It is an impossible music. Impossible to categorise, impossible to dance to, impossible to dream through... and impossible to ignore. You can drink through it comfortably though, and all the while generate a sense of being closer to its inspiration if the collective spirit grabs you. There is in the end no one way of accessing it. Analysing the context of its creation might contribute to an understanding of it that may or may not be useful. Appreciating the method of artists in the context of the social history of their times can be instructive. But listening is the only viable option, not words. That might sound self-evident, but listening in this case amounts to much more than that, which is why a drink might help to get you through the experience. Although their densely textured sound presents a formidable challenge to any listener, this is not impenetrable music. This is music that penetrates you and your psyche in other ways. Because within the vibrant animation that pervades every inch of the surface of their compositions, lies an absolute stillness. In the end the performance becomes a spiritual experience coaxed into existence by visionaries.
How much music can you listen to? How much music do you need? What form should engagement with this relentlessly modern music take? Approach it as you would approach a transforming fire... or like fallen pieces of the moon.
Is it fair to say that as a New York Trio they would have been anointed for such bold structural innovation in music and canonized? America does have a dominant spirit of irredeemable materialism and an indifference to the poetry of things, but America can also do many things very well. But to say this music could only have been created within the context of a Soviet shadow is unarguable. The major role of any artist is to make invisible passions either visible or heard. In the expression of those passions, we should realise that artists are shaped by contexts which they do not necessarily choose and which go on to inform the nature of their individuality. Much in American music is muscle and technique, lacking the elusive quality of great music. Just for a second imagine the bloated cadaver of jazz/mock fusion. Now try to imagine instead another direction, a richer musical hybrid of a type that was being invented at that same time in the Seventies in the Soviet Union by groups such as the Ganelin Trio. This music was all but hidden from view by an Iron Curtain that too few on the bright side of it were privileged to peek behind. Leo Feigin of Leo Records in London will one day tell his story about peeking, smuggling and the privileges of portly men in overcoats, and I daresay aspects of it will read like a typical cold war thriller. What a time it must have been.
Music like this, heavy, tragic, powerful, astonishing, thrilling is not created in horror or despair, social oppression or political restriction. After all it was a supremely even-handed system: it forbade both the Úlite and the poor alike to beg in the streets and to steal bread! The music of the Trio is not a political statement. It would trivialise it too much to restrict it to such a petty ephemeral canvas. The Ganelin Trio is light years beyond politics yet inescapably formed by it. The music addresses futility of another sort. It disperses our emotions and throttles our less than common sense by obliging us to address the force of nature itself. You are deluding yourself, it screams, and by the end of any concert recording by the Ganelin Trio you are probably perfectly content to admit it. If the access button in your brain is switched on, you may never listen to music quite the same way again. It may not be an obvious or even a conscious decision. But you will not be able to ignore this epochal roar from those times when greater certainty prevailed and whose pathetic passing may be of some regret. If you were born to this then you were born to riches as nourishing as peasant bread.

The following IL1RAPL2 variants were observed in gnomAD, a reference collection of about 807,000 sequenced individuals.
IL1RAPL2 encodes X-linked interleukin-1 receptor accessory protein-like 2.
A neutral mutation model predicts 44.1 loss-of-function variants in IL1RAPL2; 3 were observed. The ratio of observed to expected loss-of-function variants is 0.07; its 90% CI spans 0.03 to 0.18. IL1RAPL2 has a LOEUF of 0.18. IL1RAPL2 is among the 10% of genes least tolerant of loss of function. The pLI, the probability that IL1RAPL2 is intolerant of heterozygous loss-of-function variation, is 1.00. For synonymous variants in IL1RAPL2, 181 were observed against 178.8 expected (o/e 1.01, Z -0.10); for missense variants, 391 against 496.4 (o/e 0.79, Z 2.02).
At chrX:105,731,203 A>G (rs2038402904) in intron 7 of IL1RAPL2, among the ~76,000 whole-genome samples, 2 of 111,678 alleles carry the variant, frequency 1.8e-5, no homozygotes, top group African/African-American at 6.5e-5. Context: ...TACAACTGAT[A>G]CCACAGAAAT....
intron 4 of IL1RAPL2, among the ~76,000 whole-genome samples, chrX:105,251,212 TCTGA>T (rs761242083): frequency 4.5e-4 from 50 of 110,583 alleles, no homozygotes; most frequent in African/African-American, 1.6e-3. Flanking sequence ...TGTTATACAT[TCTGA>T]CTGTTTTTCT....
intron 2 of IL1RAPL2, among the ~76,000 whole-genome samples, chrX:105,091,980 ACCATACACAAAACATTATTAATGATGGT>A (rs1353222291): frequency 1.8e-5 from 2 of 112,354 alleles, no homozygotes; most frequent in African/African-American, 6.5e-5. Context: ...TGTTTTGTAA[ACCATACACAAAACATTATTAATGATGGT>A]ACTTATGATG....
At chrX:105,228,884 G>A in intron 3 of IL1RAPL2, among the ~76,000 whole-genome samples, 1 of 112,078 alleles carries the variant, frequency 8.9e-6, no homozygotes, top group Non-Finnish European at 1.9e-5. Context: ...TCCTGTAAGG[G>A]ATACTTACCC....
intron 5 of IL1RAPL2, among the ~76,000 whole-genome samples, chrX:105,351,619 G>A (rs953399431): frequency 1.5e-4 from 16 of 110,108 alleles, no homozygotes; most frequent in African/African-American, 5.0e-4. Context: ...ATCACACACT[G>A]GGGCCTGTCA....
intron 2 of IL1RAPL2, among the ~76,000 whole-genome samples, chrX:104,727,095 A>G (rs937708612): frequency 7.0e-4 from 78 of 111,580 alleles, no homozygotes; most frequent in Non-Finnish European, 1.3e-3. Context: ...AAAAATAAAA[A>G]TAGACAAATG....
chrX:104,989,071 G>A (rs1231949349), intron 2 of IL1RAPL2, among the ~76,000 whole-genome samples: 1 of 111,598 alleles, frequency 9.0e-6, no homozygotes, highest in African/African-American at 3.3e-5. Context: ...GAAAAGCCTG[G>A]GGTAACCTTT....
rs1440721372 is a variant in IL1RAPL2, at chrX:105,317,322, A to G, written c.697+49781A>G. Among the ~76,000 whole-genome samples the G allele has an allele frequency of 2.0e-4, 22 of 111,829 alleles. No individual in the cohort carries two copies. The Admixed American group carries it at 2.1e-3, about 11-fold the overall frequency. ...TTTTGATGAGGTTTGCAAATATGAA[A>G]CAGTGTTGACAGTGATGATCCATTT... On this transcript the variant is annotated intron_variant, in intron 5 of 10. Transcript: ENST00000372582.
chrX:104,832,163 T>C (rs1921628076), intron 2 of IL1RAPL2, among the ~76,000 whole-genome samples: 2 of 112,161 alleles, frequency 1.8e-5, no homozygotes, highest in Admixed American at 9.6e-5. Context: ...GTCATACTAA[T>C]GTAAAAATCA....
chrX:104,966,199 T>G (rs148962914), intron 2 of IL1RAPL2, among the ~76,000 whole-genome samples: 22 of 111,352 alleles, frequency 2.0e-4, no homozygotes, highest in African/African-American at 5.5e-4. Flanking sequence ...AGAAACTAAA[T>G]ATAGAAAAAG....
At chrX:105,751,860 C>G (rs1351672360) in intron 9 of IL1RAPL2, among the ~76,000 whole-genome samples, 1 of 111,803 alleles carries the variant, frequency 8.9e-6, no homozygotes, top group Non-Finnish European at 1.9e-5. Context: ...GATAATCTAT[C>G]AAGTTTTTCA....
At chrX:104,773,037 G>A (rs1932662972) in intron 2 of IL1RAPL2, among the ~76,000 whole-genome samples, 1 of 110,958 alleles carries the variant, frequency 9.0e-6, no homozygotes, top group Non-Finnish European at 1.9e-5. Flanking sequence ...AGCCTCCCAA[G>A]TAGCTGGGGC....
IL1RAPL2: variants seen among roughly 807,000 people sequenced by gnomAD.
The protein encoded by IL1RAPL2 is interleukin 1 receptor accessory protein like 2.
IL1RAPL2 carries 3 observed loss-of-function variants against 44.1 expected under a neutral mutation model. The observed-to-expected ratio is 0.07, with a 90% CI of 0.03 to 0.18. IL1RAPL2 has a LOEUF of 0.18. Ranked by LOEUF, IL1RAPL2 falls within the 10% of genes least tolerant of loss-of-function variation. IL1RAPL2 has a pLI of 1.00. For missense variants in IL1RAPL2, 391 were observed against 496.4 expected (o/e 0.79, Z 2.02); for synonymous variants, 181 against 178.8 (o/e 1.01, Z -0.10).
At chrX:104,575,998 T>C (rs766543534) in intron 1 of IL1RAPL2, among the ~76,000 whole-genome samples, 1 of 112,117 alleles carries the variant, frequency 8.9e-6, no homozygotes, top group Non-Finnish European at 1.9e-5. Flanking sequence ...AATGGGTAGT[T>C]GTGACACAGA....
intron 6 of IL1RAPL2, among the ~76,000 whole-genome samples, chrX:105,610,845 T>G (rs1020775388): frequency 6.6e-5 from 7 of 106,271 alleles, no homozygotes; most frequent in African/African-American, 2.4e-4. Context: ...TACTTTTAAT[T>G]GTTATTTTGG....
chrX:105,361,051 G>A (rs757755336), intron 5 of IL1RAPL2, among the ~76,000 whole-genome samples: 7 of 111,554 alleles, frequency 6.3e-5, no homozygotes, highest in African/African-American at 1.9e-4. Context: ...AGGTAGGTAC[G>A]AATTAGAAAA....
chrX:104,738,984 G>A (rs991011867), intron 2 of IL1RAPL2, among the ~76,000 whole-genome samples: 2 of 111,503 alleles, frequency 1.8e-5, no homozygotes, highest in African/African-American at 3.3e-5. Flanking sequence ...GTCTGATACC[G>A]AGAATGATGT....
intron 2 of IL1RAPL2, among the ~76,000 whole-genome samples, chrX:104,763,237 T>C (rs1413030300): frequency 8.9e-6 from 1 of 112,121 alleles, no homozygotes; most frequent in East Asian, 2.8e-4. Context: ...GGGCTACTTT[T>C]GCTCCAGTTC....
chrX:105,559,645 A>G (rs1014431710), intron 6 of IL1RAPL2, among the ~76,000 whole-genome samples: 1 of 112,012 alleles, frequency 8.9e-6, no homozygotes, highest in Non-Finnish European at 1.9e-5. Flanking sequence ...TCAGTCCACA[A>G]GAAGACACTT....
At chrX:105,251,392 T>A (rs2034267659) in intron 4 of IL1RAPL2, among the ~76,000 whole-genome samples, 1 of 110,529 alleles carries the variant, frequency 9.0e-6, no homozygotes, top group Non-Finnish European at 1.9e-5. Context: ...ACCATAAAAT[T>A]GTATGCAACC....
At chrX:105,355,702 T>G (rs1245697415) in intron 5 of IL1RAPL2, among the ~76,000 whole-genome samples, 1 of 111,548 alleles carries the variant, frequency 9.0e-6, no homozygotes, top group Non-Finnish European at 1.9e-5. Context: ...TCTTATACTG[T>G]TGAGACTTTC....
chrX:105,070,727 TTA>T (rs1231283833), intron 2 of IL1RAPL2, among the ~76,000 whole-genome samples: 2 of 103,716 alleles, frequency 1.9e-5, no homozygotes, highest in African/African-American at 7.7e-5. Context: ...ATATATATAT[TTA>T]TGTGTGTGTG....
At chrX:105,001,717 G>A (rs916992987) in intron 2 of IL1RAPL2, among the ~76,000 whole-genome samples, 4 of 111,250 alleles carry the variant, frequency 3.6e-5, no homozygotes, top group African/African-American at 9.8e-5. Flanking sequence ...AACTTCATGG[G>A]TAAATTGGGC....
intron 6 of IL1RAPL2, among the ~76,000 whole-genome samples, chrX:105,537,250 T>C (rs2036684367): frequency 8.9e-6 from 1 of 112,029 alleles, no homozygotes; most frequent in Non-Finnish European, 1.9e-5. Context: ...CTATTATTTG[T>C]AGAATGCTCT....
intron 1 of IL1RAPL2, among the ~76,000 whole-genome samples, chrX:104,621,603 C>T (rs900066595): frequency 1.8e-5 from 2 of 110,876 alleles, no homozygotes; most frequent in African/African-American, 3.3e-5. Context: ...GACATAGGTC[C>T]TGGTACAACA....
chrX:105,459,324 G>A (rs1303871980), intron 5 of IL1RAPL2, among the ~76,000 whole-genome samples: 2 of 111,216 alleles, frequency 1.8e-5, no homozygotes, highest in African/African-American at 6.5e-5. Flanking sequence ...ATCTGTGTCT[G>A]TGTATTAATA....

So what about the 1970's? Often pilloried as an uneventful decade with a personality bypass, it may just be that its greatest asset was its undefinable certainty. You knew who or what your enemy was, whether in politics, music or your neighbour's taste in clothes, and if you didn't, you had a good time imagining one.
When the Berlin Wall came down in 1989, it was too late for the Ganelin Trio. Their own equally unique architecture had collapsed several years before and then finally with the defection to the West by the pianist Slava Ganelin. In the battle of political wills, a consumerism unembarrassed by victory may have pipped communism to the post. Any opportunity to influence musical history throughout those cold years was submerged by overt political battles. In the gritty fog of communism, there somewhere between the cracks, slipped the Ganelin Trio, plundering history in the process and defying the gravity of disintegration to the end. They had Communism: we had sixty-five different brands of floor wax but still no Ganelin to take home. With the coming of the Eighties a different euphoria prevailed but it was all over by then, for them and us. Today too much music speaks last year's language. To recall T.S. Eliot: 'last year's words belong to last year's language/ and next year's words await another voice.' It is not only the voice that commands the story. It is also the ear. We await new sounds. But our minds are too often already made up, rather than always in the making. We need music that threatens the dogmatism of our own nature. Great musicians leave their listeners with unfinished business, offering us irresistible invitations. With the end of politics, the old narratives are gone, never as rigid and cogent as we once thought. But contrary to the present outcome, we should never forget that all sorts of endings are still possible. The illusion of progress and the politics of conquest will no longer do.
"When you are philosophising you have to descend into primeval chaos and feel at home there." The Ganelin Trio would have felt at home with Wittgenstein on that one.
Catalogue: Live in East Germany
"One of the very important jazz records of recent times" (Penguin Guide to Jazz)
"One of the most exciting events that Free Music has ever staged..." (Melody Maker)
"Maybe not since the first Ornette Coleman records appeared has Western European jazz experienced quite such a shock of the totally unexpected as the Ganelin Trio produced." (The Wire)
All CD's by the Ganelin Trio can be purchased directly from Leo Records